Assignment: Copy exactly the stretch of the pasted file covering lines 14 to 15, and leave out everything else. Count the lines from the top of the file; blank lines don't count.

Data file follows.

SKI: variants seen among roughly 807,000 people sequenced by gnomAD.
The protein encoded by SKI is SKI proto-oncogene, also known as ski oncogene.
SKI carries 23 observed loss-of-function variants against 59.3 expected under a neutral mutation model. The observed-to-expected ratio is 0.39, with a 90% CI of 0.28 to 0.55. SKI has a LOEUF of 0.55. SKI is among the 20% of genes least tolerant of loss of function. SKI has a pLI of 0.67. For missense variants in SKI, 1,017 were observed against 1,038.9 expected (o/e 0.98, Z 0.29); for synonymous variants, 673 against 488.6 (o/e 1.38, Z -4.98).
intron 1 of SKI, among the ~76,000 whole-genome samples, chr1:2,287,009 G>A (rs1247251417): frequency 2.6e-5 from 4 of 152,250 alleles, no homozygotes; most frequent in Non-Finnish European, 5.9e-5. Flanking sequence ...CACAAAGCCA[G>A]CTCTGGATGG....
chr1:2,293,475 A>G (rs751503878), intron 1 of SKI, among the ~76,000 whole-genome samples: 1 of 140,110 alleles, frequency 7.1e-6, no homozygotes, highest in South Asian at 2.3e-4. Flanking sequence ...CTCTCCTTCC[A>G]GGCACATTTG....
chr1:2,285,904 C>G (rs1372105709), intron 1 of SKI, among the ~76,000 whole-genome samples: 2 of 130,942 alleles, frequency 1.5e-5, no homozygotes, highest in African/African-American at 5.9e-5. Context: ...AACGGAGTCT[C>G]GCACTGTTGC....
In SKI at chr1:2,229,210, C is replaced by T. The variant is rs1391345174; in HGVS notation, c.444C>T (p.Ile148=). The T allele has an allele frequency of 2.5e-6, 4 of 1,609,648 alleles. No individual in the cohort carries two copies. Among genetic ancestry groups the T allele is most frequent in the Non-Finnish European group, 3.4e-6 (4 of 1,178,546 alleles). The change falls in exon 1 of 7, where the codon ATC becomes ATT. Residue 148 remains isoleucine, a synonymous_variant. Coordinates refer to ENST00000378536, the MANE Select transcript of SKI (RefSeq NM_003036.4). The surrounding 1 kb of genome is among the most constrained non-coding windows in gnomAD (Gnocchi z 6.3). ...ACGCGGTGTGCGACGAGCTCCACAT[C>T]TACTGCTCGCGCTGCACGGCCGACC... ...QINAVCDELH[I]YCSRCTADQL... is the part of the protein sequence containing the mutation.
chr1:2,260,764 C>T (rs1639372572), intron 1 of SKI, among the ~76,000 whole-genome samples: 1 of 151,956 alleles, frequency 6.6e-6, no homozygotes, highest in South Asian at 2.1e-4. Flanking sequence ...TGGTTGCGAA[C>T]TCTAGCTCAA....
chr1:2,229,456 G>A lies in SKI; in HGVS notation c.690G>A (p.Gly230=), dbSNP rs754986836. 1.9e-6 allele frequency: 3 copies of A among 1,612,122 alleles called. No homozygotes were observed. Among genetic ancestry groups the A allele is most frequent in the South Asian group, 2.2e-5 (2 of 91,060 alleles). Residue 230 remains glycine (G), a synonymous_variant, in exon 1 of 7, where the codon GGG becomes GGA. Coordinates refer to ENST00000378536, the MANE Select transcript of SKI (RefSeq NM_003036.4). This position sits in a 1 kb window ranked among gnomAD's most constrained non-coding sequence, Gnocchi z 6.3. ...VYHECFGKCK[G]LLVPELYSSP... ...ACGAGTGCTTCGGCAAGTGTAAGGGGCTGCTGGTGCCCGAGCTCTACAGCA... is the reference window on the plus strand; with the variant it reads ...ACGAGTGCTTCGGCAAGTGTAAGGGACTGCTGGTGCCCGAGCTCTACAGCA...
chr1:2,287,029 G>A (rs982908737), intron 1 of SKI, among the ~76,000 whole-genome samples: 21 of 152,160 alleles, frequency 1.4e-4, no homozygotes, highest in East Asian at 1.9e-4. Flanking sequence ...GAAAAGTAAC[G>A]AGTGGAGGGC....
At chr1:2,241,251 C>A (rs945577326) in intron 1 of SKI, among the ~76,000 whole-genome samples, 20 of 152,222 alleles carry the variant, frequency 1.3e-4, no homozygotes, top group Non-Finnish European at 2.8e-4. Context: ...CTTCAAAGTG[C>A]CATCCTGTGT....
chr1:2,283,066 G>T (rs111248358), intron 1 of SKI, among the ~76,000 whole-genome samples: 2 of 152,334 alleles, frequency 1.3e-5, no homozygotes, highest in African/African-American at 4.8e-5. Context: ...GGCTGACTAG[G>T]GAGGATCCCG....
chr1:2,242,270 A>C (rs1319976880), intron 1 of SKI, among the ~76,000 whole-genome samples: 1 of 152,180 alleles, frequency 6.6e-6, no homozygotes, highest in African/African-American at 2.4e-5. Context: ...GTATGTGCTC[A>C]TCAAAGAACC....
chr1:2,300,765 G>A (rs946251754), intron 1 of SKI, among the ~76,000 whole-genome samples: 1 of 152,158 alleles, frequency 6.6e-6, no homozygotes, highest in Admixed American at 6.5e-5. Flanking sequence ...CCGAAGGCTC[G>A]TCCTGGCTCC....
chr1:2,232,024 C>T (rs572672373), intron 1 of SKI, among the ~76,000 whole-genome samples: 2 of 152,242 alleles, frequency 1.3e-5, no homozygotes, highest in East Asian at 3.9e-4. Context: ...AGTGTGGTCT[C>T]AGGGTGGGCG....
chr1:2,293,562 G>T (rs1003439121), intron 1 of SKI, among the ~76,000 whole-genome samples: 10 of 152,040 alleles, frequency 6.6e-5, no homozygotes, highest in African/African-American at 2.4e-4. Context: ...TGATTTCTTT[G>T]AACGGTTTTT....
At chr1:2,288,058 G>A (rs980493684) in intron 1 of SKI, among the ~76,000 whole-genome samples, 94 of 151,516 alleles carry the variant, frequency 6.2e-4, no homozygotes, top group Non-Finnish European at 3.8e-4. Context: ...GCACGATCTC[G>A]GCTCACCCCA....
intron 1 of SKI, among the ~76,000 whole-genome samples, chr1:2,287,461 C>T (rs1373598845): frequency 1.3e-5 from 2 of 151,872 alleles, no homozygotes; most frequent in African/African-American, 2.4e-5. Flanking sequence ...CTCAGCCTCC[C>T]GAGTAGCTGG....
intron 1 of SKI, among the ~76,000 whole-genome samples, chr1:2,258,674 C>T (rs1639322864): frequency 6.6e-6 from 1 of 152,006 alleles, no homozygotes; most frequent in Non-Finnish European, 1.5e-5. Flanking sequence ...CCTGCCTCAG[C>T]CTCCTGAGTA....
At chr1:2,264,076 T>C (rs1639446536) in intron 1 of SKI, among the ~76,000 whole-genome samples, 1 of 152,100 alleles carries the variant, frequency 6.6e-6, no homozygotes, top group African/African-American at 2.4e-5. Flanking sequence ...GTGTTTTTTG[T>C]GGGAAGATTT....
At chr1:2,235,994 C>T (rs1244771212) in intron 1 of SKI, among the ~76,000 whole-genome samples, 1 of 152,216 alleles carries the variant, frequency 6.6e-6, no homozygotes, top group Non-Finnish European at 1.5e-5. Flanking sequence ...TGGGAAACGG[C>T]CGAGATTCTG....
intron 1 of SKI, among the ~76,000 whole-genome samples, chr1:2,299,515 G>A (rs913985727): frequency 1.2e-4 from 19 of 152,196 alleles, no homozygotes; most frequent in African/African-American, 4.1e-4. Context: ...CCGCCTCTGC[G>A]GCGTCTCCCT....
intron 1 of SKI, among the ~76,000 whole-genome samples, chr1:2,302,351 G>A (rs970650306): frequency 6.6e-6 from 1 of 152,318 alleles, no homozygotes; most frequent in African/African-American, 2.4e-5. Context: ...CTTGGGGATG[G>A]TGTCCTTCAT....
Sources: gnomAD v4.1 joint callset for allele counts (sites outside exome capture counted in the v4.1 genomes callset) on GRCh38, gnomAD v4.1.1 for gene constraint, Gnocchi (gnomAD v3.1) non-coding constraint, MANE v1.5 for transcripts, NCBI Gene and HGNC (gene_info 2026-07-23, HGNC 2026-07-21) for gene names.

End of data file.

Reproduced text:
chr1:2,300,765 G>A (rs946251754), intron 1 of SKI, among the ~76,000 whole-genome samples: 1 of 152,158 alleles, frequency 6.6e-6, no homozygotes, highest in Admixed American at 6.5e-5. Flanking sequence ...CCGAAGGCTC[G>A]TCCTGGCTCC....
chr1:2,232,024 C>T (rs572672373), intron 1 of SKI, among the ~76,000 whole-genome samples: 2 of 152,242 alleles, frequency 1.3e-5, no homozygotes, highest in East Asian at 3.9e-4. Context: ...AGTGTGGTCT[C>T]AGGGTGGGCG....